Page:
Latest Stream Stories
Much of the Mississippi River's sediment load doesn't come from field runoff, according to work by scientists at the U.S. Department of Agriculture (USDA). Instead, the scientists with USDA's Agricultural Research Service (ARS) have confirmed that stream bank collapse and failure can be chief contributors to high sediment levels in the silty streams and rivers that flow into the Mississippi.
ST. LOUIS, Jan. 5, 2011 /PRNewswire/ -- A flourishing watershed at Peabody Energy's Farmersburg Mine has earned one of Indiana's highest environmental honors.
Rising concentrations of zinc in a waterway on Colorado's Western Slope may be the result of climate change that is affecting the timing of annual snowmelt, says a new study led by the University of Colorado at Boulder.
Locke Island is a small island in a bend of the Columbia River in eastern Washington that plays a special role in the culture of the local Indian tribes, but since the 1970s, it has been eroding away at a rate that has alarmed tribal leaders.
The amount of water flowing in streams and rivers has been significantly altered in nearly 90 percent of waters that were assessed in a new nationwide USGS study.
EMERYVILLE, Calif., May 24 /PRNewswire/ -- GracenoteÂ® today announced its MusicID-Stream(TM) technology is powering the new smart drive app for the iPhone for smart fortwo owners, representing the world's first deployment of a streaming music identification solution by an automotive manufacturer (smart is a brand of Daimler AG).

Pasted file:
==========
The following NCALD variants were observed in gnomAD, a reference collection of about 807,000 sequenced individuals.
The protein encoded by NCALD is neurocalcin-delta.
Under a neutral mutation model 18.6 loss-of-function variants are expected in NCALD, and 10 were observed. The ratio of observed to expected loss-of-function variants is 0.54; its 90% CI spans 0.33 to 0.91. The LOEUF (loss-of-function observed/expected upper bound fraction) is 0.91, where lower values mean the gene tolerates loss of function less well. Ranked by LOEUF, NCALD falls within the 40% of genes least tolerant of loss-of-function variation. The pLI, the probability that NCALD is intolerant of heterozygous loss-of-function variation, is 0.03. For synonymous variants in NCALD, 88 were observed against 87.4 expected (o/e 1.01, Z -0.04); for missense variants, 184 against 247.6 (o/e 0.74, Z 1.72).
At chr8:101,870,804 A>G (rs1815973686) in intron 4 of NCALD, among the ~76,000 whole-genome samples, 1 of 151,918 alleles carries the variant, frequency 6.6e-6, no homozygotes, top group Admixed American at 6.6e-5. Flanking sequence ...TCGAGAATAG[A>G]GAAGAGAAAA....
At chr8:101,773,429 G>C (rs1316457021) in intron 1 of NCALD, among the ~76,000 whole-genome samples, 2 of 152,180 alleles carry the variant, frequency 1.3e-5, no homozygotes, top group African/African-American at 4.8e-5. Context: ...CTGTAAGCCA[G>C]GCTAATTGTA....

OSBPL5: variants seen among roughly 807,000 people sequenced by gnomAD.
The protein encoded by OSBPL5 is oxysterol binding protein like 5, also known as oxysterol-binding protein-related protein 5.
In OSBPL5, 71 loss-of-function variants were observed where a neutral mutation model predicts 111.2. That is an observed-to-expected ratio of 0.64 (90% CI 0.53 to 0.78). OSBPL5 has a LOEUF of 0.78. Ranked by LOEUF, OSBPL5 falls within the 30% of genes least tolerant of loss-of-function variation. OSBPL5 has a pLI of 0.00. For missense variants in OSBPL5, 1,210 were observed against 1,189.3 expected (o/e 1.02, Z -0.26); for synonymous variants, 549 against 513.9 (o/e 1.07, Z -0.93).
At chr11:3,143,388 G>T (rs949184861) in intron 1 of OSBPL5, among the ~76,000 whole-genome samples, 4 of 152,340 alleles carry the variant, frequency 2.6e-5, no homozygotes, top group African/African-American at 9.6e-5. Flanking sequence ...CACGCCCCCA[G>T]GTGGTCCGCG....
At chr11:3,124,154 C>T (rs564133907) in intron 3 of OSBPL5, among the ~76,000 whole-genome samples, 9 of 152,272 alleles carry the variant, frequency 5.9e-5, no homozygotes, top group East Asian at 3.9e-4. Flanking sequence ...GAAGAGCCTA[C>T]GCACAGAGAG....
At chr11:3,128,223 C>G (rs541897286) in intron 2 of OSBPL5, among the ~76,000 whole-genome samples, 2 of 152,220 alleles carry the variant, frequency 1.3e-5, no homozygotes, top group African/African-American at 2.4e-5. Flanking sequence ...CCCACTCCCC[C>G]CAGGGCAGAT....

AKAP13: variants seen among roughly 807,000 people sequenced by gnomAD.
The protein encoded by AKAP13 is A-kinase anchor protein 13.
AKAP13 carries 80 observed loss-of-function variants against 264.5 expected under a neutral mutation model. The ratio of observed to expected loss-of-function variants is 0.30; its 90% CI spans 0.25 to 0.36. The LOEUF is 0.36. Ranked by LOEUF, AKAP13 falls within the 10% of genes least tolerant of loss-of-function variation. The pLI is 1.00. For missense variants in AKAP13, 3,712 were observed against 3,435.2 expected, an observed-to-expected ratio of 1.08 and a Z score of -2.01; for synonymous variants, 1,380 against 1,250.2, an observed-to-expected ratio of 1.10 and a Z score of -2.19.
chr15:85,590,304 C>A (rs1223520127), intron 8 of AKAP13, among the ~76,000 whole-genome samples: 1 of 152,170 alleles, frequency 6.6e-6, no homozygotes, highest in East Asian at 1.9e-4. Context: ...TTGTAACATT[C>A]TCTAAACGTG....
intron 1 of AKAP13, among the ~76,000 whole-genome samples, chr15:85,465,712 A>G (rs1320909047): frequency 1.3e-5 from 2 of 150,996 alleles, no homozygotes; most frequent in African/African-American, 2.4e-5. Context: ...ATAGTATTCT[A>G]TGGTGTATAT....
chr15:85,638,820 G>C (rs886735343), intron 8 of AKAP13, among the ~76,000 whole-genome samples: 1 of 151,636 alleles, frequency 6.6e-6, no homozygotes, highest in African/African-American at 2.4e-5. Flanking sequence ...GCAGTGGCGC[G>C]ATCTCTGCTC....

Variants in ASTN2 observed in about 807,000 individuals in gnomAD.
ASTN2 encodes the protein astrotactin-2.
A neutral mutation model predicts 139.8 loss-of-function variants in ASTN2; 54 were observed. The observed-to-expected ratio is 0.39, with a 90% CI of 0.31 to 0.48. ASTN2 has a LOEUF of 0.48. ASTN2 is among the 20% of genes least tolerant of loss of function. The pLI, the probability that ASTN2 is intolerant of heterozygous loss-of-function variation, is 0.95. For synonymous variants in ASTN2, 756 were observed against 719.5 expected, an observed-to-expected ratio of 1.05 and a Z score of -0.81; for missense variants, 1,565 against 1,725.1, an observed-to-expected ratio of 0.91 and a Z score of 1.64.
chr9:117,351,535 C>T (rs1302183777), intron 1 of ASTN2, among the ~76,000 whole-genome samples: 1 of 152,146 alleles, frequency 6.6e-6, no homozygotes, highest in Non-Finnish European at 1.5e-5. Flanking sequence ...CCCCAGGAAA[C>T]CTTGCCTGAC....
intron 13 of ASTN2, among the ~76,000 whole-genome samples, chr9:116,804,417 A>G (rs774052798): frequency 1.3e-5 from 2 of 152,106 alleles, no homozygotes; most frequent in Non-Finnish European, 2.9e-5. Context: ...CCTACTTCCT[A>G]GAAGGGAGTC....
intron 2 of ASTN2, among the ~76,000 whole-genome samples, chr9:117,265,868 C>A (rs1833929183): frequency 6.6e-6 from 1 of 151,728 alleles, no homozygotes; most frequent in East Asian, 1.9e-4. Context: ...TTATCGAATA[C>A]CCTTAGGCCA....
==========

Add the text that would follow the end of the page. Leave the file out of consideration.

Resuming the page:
Researchers at the University of Minnesota have developed a unique new computer model called the Virtual StreamLab, designed to help restore real streams to a healthier state.
The Wildlife Conservation Society says a monitoring system it uses to measure stream habitat has been adopted by a U.S. agency working to restore waterways. The conservation group said the technique, used in a study to rapidly measure stream habitat, has been adopted by the U.S.
By COURTNEY HACKNEY The recent visit by Tropical Storm Fay reminds us that the First Coast is subject to change at any time. Nature doesn't care where we place property boundaries or homes and may change the landscape without notice.
- One of a pair of round metal cymbals attached to the fingers and struck together for rhythm and percussion in belly dancing.